The Government is consulting on how it is going to implement the Temporary Agency Workers Directive (2008/104/EC), which affords agency workers equal treatment in basic employment and working conditions as if they had been recruited directly by the end user.
The Temporary Agency Workers Directive provides that basic employment and working conditions are the duration of working time; overtime; breaks; rest periods; night work; pay; and paid holiday entitlement.
The Directive allows for a qualifying period before agency workers have the right to equal treatment, on the basis of agreement between social partners at national level. In May 2008, the UK Government reached agreement with the CBI and TUC that the qualifying period for the right to equal treatment will be 12 weeks' employment.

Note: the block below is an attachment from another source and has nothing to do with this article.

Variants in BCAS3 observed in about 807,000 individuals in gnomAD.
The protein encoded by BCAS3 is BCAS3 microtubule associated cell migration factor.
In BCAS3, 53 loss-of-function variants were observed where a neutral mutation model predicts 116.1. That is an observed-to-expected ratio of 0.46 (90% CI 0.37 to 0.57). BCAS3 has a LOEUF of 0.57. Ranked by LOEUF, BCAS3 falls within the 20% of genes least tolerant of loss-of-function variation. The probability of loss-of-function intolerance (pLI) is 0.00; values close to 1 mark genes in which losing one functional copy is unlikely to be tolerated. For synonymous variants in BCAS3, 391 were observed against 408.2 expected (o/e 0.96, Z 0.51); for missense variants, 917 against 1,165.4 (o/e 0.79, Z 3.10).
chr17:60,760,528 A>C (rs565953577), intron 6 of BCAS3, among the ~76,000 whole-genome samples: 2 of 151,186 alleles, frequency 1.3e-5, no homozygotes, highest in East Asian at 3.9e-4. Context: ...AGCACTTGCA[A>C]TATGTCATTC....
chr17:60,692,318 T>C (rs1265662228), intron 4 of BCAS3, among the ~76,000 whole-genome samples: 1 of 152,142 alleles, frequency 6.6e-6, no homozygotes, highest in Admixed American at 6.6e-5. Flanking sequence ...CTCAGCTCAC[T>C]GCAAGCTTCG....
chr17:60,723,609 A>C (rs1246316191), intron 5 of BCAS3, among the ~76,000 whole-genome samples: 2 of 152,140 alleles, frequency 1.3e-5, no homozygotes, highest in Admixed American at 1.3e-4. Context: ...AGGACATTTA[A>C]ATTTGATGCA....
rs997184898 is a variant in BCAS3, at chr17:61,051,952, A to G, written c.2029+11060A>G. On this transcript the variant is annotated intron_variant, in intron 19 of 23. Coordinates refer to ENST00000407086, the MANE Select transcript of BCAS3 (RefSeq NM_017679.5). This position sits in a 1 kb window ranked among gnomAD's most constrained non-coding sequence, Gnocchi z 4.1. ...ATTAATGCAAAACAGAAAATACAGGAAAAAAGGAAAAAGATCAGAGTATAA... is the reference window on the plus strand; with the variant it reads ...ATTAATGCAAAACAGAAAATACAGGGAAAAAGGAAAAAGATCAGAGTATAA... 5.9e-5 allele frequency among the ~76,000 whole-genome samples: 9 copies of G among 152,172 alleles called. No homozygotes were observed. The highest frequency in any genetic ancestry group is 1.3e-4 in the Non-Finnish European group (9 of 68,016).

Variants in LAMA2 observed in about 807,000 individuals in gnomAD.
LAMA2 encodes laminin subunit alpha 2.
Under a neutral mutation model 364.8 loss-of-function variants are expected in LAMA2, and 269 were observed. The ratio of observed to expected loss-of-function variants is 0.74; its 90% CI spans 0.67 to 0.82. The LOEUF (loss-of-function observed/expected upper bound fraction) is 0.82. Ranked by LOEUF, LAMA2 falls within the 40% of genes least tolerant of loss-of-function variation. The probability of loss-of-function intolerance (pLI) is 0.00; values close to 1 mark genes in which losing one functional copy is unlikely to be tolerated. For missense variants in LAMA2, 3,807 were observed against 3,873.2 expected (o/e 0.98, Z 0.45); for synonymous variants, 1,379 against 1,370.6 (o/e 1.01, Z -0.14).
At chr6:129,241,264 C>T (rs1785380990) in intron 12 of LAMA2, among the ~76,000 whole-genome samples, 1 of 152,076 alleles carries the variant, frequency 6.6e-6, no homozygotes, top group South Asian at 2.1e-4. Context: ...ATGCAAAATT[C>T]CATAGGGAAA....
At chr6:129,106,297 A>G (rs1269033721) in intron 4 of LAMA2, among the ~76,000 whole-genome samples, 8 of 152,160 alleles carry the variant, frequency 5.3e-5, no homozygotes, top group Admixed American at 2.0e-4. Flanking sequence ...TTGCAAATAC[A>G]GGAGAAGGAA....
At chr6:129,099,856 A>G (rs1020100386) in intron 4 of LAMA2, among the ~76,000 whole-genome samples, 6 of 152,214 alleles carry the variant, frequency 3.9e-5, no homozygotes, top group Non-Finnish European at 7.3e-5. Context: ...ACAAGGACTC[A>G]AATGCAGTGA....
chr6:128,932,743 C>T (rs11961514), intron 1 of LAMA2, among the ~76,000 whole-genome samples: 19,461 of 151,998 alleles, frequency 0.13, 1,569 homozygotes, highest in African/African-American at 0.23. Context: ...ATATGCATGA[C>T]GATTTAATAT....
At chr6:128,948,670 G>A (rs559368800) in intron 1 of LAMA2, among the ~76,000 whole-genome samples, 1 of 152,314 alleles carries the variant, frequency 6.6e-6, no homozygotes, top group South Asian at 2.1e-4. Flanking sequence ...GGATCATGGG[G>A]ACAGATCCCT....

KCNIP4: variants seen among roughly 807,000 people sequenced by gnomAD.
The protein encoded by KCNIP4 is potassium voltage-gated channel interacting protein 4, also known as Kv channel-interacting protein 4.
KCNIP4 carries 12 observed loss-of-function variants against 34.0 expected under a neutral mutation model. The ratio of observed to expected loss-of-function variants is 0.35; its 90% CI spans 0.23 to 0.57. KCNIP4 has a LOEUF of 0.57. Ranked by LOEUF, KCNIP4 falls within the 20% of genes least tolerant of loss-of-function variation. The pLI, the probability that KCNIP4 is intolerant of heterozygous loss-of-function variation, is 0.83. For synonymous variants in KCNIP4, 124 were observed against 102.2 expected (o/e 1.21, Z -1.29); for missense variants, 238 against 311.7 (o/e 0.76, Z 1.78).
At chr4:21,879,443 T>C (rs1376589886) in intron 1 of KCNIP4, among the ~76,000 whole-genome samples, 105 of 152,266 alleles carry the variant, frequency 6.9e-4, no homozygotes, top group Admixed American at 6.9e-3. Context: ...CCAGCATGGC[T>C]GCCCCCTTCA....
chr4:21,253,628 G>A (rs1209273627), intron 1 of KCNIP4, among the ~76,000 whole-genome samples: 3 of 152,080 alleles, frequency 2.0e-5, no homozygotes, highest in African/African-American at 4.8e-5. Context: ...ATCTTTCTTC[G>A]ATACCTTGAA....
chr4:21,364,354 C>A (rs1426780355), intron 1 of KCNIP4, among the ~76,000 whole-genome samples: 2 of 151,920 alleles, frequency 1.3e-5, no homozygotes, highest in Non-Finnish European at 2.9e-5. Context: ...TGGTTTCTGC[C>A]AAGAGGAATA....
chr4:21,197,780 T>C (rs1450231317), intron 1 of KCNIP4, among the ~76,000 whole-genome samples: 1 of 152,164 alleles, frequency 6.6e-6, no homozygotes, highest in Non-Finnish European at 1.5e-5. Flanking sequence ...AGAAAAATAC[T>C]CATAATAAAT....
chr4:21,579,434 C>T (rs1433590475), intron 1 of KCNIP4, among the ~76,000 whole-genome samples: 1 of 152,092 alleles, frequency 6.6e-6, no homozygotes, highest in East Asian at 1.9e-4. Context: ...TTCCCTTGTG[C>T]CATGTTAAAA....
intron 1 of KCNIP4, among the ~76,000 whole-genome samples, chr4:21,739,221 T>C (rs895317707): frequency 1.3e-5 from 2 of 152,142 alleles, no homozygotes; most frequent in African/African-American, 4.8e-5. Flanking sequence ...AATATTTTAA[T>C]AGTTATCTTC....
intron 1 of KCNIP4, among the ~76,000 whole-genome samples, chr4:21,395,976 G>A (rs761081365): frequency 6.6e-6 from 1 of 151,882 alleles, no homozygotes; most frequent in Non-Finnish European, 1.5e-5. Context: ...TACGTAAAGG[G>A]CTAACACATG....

Once the Government has published its response to the findings of this consultation, it will conduct a second consultation on draft regulations and accompanying guidance. Member states have until 5 December 2011 to implement the Temporary Agency Workers Directive.
The closing date for responses to the consultation is 31 July 2009.
Legal Q&A: The rights of agency workers Agency workers often have less protection and receive
lower pay and fewer benefits of employment than the full-time staff they work
alongside. Huw Cooke, associate, Burges Salmon, answers queries on agency
workers and their legal position in the workplace.
Temporary workers The XpertHR employment law manual gives further information about temporary workers, including details of forthcoming changes to the law on temporary agency workers.